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Friday, March 18, 2005

"AGENTS" (1996) (INK, GRAPHITE AND GEL MEDIUM ON CLEAR MYLAR, 17 x 11 IN) by SHARON LOUDEN
Location: Dining Room, Pygmalion-First Floor

"AGENTS" (1996) (INK, GRAPHITE AND GEL MEDIUM ON CLEAR MYLAR, 17 x 11 IN) by SHARON LOUDEN
Location: Dining Room, Pygmalion-First Floor

[SEVENTH MENTION DUE TO UPDATE]

UPDATE:


Sharon Louden recently received a wonderful review of her painting exhibition at Anthony Grant by Jonathan Goodman in Art in America:

SHARON LOUDEN AT ANTHONY GRANT
By Jonathan Goodman


This show of Sharon Louden's paintings and sculptures demonstrated her propensity for the enigmatic gesture. Having graduated with a master's degree from Yale in 1991, Louden is better known for her drawings and sculpture, which have been exhibited extensively in the U.S., than for her paintings. The medium-size works in the series titled "The lingering" were all done in 2003-04 and created with watercolor, acrylic, and gel medium on wood panel. They consist of brushstroke-like forms that accumulate in one area of otherwise blank white panels. In each work, some of the marks are made only with outlines and others are filled in with washes. Although the press materials describe the shapes as "anthropomorphic," to this viewer they are suggestive of bacilli seen through the lens of a microscope. Whatever the origins of the imagery, an interesting tension exists in reading the marks as nature-based and as purely abstract--as explorations of form, tonal values, movement and over-all gestalt.

Within each painting, individual elements appear to drag themselves away from the pile-up, as if they were trying to escape. A particularly compelling grouping at the bottom left of one painting is done in a reddish sepia color. Some of the marks seem to be rising upward into the surrounding empty matter.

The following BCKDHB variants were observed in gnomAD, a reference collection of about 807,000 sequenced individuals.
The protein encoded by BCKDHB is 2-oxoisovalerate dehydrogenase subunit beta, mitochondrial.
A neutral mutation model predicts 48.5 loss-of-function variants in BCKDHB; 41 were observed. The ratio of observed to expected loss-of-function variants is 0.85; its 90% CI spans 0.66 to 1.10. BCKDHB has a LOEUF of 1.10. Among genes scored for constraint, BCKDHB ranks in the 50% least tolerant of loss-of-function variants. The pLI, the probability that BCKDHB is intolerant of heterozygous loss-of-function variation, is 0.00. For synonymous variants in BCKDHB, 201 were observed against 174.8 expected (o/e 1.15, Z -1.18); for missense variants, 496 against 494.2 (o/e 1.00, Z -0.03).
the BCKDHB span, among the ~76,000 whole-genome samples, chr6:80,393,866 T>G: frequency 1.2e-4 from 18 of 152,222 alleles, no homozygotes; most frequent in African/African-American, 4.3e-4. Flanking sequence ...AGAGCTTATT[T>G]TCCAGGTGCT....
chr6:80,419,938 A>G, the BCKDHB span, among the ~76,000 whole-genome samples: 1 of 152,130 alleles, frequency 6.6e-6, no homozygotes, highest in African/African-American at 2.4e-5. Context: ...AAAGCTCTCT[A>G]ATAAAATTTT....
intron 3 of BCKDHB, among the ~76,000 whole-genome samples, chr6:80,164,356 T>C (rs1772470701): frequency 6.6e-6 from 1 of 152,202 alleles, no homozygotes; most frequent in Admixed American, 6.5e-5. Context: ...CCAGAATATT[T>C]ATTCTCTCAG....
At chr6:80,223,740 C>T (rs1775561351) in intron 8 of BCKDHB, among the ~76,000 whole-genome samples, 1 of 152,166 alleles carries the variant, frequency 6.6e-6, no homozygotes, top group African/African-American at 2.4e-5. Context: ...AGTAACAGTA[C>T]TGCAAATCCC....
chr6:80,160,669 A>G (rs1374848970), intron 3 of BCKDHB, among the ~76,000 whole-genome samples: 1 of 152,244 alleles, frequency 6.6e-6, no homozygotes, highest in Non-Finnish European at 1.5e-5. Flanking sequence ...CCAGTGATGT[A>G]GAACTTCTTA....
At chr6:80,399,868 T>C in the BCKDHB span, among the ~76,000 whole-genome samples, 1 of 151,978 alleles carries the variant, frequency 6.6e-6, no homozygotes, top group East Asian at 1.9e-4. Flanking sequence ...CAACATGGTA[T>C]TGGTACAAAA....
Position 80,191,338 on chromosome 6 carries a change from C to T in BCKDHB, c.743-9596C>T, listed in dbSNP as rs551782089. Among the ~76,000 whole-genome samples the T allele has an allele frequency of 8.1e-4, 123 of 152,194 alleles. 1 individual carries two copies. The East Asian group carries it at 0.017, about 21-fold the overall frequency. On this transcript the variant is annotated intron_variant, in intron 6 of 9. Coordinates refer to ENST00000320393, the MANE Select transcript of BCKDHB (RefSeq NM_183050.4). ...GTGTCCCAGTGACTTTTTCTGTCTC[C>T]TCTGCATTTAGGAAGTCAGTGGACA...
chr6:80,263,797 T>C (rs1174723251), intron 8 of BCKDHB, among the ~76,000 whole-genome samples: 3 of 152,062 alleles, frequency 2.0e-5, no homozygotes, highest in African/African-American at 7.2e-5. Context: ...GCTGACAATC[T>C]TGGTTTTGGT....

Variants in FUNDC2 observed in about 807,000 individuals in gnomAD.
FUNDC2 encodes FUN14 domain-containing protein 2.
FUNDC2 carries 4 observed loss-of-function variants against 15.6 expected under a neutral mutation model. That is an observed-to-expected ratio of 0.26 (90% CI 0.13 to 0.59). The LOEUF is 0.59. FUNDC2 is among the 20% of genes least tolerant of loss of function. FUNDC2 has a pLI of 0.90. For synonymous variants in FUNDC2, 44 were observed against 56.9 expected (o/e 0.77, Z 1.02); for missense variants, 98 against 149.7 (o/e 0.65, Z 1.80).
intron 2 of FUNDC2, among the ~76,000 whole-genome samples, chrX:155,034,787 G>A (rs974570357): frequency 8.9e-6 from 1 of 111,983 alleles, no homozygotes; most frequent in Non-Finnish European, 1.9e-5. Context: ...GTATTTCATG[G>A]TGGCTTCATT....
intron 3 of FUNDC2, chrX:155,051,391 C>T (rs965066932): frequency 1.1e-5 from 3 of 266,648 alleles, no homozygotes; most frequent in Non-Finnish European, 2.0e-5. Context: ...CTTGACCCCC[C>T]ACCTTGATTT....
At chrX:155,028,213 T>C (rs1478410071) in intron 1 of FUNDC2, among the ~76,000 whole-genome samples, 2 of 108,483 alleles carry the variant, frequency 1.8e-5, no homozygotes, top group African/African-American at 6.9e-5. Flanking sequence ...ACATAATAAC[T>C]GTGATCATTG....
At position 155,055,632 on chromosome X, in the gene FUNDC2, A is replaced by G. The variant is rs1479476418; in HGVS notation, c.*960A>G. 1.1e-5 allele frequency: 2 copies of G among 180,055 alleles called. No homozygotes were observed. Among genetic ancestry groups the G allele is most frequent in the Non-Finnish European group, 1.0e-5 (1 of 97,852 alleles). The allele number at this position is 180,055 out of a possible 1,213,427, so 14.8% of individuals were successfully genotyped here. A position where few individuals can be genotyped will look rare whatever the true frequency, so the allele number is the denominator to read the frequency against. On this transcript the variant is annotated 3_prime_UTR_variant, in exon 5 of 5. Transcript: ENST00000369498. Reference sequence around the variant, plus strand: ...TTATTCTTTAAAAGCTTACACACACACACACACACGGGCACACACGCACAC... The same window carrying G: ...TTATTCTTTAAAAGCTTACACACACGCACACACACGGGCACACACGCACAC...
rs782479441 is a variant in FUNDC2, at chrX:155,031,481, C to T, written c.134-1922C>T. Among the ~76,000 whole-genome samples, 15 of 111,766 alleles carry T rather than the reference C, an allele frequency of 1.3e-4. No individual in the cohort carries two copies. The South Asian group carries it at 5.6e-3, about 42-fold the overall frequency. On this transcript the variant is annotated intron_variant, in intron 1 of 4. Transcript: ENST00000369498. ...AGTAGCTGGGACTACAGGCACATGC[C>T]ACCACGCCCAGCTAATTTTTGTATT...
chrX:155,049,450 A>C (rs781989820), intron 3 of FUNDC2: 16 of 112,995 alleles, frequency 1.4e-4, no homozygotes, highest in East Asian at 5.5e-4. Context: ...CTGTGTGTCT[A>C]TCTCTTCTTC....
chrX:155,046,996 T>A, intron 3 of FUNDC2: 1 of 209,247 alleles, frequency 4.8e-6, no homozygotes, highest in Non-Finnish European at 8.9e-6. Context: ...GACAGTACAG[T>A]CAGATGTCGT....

Louden also showed a series of sculptures, titled "Yellow Tails" (2004). The sculptures consist of groupings of lustrous white and yellow monofilament, about 3 feet or longer in length, hanging from the ceiling. Small clusters are held together by clips and joined in bunches. Several of these larger bunches are then hung close together, their brightly colored, light-catching ends resting on the floor. Like the "The Lingering" paintings, simple components are combined to create complex structures that suggest biological forms. They are as enigmatic as the paintings, provoking many interpretations, symbolic or allegorical. Both series in this show are small triumphs of material being.

*****
Prov.: Haines Gallery, San Francisco, CA

DUE TO BLOGGER PROBLEM, ARCHIVES AS OF THIS DATE AND OLDER ARE PRESENTED NON-FORMATTED:

Tuesday, March 08, 2005
"UNTITLED" (2002) (GOUACHE ON WOOD PANEL) by CLARE ROJAS
Location: Galatea Offsite/San Francisco Apartment

"UNTITLED" (2003) COMMISSIONED SITE-SPECIFIC MURAL INSTALLATION (GOUCHE/LATEX ON WALL) by CLARE ROJAS
Location: Master Bedroom Hallway, Pygmalion-2nd Floor

"ACHILLES" (2005) COMMISSIONED PAINTING by CLARE ROJAS
Location: Living Room, Pygmalion-First Floor

[SIXTH MENTION DUE TO UPDATE]

UPDATE:

Clare Rojas is part of a new group exhibition at Lizabeth Oliveria Gallery. Here's the gallery's press release:

Lizabeth Oliveria Gallery is delighted to present Art Part II: Dazzle Dogs, an exhibition by Clare Rojas, Erin Rosenthal and Andrew Jeffrey Wright, March 5th - April 9th. There will be a reception for the artists on Saturday, March 5th from 7-9pm with a musical performance by Peggy Honeywell.

Clare Rojas's recurring repertory of whimsical animals, beguiling figures, and dream-like landscapes initially seems to reference classic fairy and folk tales, popular culture, and western art. However, the closer one looks at her meticulously painted scenes, the more one discovers her own idiosyncratic iconography. Filled with archetypes that are both magical and malevolent, Rojas's work elicits different associations and meanings from each viewer.

Rojas was born in Columbus, Ohio. She received her BFA in Printmaking at the Rhode Island School of Design in 1998, and her MFA at the School of the Art Institute of Chicago in 2002. Rojas has exhibited her work at the Museum of Contemporary Art, Chicago; The Institute of Contemporary Art, Philadelphia; the Yerba Buena Center for the Arts; and The Luggage Store in San Francisco. Her recent exhibitions include solo exhibitions, Table Turner at Deitch Projects, New York and Will Poor Will at the Belkin Satellite at the University of British Columbia in Vancouver. Currently her work is on view in the Beautiful Losers exhibition at the Orange County Museum of Art, CA. Rojas is the first recipient of the Headlands Center for the Arts Tournesol Award, and in 2003 Rojas also received the prestigious Louis Comfort Tiffany Foundation Award.